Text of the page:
Don’t get me wrong, schools do have technology integration. However, many times technology is under-utilized in the classroom. I’ll use the school that I attend as an example. We have computer labs, Google Apps for Education, and an online grade viewing program. However, the IT infrastructure is aging and inadequate at times. My school is working to remedy the problem by creating a program where every student has an iPad to use for class, allow for easier access to materials, and other digital learning tools. This program has worked well but at the moment it is only available for several grade levels. The program will begin rolling out in our high school within the year, but many teachers are beginning to take the jump to digital learning early.
Since I am excited about this entrance of technology into the classroom I decided to embrace this new program while I don’t yet have an iPad. To do this I implemented my own BYOD strategy in order to efficiently use these digital resources. This strategy worked well for me, although some of my teachers are less than friendly to unauthorized technology in the classroom (Although, I remedied this by using some common sense regarding device usage). I started using my Android smartphone and Samsung Chromebook to complete assignments, take notes, and share materials through Google Apps for Education. Here are my three observations:
- It’s lighter
- It’s cheaper
- It’s faster
LighterMany times I have to take a whole binder of material home when I have an assignment for the class. This becomes quite a heavy load when I have six classes where I receive assignments regularly. A University of California (Riverside) study found that an average middle school student's backpack can weigh up to 37 pounds. Google Apps for Education, my smartphone and Chromebook, reduce this load significantly by allowing me to view and complete assignments online without the need to bring home a backpack full of extraneous documents.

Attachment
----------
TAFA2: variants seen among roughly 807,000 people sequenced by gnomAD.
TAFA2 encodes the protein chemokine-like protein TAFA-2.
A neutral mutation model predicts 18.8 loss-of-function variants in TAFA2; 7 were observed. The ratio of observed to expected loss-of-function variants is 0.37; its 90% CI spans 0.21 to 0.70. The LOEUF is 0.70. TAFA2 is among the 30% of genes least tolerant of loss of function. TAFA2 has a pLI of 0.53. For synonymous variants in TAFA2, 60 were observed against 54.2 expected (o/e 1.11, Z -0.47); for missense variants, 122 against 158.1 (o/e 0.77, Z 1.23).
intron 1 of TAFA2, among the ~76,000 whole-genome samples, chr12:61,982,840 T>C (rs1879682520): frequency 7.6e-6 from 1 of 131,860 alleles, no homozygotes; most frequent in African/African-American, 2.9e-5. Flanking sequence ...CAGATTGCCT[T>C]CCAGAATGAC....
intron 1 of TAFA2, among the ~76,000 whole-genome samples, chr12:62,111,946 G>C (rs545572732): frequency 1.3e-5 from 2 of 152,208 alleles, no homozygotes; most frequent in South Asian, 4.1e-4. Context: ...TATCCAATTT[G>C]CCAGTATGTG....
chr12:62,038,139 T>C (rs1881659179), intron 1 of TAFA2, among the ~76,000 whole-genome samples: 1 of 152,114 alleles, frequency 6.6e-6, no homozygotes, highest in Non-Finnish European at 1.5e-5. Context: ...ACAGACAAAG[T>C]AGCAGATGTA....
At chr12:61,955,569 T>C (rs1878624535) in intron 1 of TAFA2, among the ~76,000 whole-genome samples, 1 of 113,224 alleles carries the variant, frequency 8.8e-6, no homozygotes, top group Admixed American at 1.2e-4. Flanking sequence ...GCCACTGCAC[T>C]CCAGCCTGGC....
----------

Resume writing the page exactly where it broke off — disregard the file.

CheaperThis switch to digital learning is also cheaper. According to the few articles I could find, as there hasn't been much documentation, an average school or department of about 1000 students will spend anywhere from 20,000 to 40,000 on printer ink, toner, and paper - not to mention printer wear-and-tear costs. (Source 1 | Source 2)
Before the switch I had to print off an assignment or paper several times, once for each draft or revision, for the teacher’s review. With Google Apps for Education I can share a document with a teacher and get their feedback during the revision process without having to print off a new copy of a paper every time I find a portion that needs to be changed. This has significantly cut down on the amount of paper and ink I use for school, especially since I am taking classes that focus heavily on papers and writing assignments. This has the potential to save schools thousands of dollars every year.
(I also switched to using a Chromebook, instead of a laptop, and wrote about that experience a few weeks ago.)